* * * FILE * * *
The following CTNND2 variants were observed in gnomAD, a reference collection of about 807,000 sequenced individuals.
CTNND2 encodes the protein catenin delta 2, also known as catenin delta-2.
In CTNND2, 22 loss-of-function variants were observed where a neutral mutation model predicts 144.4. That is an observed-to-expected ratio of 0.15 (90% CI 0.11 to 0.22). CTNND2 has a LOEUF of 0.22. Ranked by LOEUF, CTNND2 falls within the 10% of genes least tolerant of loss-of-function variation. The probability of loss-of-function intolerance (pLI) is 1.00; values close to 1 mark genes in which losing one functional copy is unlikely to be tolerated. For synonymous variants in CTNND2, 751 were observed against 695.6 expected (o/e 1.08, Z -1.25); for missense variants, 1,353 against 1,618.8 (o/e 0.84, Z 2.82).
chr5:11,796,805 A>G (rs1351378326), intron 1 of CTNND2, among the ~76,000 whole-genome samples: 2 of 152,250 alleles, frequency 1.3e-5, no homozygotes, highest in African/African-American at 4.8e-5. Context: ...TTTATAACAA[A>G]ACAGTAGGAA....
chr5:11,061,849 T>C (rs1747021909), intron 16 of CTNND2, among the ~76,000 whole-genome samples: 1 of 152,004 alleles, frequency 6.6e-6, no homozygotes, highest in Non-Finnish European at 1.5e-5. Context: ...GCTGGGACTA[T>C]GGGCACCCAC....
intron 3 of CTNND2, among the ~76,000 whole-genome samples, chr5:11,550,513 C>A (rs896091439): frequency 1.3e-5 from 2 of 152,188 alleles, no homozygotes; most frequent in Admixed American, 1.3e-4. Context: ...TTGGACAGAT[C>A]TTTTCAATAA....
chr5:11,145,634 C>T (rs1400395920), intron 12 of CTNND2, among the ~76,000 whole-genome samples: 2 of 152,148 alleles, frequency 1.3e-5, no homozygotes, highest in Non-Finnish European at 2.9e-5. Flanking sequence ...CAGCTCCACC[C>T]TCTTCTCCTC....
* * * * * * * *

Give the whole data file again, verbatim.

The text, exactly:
The following CTNND2 variants were observed in gnomAD, a reference collection of about 807,000 sequenced individuals.
CTNND2 encodes the protein catenin delta 2, also known as catenin delta-2.
In CTNND2, 22 loss-of-function variants were observed where a neutral mutation model predicts 144.4. That is an observed-to-expected ratio of 0.15 (90% CI 0.11 to 0.22). CTNND2 has a LOEUF of 0.22. Ranked by LOEUF, CTNND2 falls within the 10% of genes least tolerant of loss-of-function variation. The probability of loss-of-function intolerance (pLI) is 1.00; values close to 1 mark genes in which losing one functional copy is unlikely to be tolerated. For synonymous variants in CTNND2, 751 were observed against 695.6 expected (o/e 1.08, Z -1.25); for missense variants, 1,353 against 1,618.8 (o/e 0.84, Z 2.82).
chr5:11,796,805 A>G (rs1351378326), intron 1 of CTNND2, among the ~76,000 whole-genome samples: 2 of 152,250 alleles, frequency 1.3e-5, no homozygotes, highest in African/African-American at 4.8e-5. Context: ...TTTATAACAA[A>G]ACAGTAGGAA....
chr5:11,061,849 T>C (rs1747021909), intron 16 of CTNND2, among the ~76,000 whole-genome samples: 1 of 152,004 alleles, frequency 6.6e-6, no homozygotes, highest in Non-Finnish European at 1.5e-5. Context: ...GCTGGGACTA[T>C]GGGCACCCAC....
intron 3 of CTNND2, among the ~76,000 whole-genome samples, chr5:11,550,513 C>A (rs896091439): frequency 1.3e-5 from 2 of 152,188 alleles, no homozygotes; most frequent in Admixed American, 1.3e-4. Context: ...TTGGACAGAT[C>A]TTTTCAATAA....
chr5:11,145,634 C>T (rs1400395920), intron 12 of CTNND2, among the ~76,000 whole-genome samples: 2 of 152,148 alleles, frequency 1.3e-5, no homozygotes, highest in Non-Finnish European at 2.9e-5. Flanking sequence ...CAGCTCCACC[C>T]TCTTCTCCTC....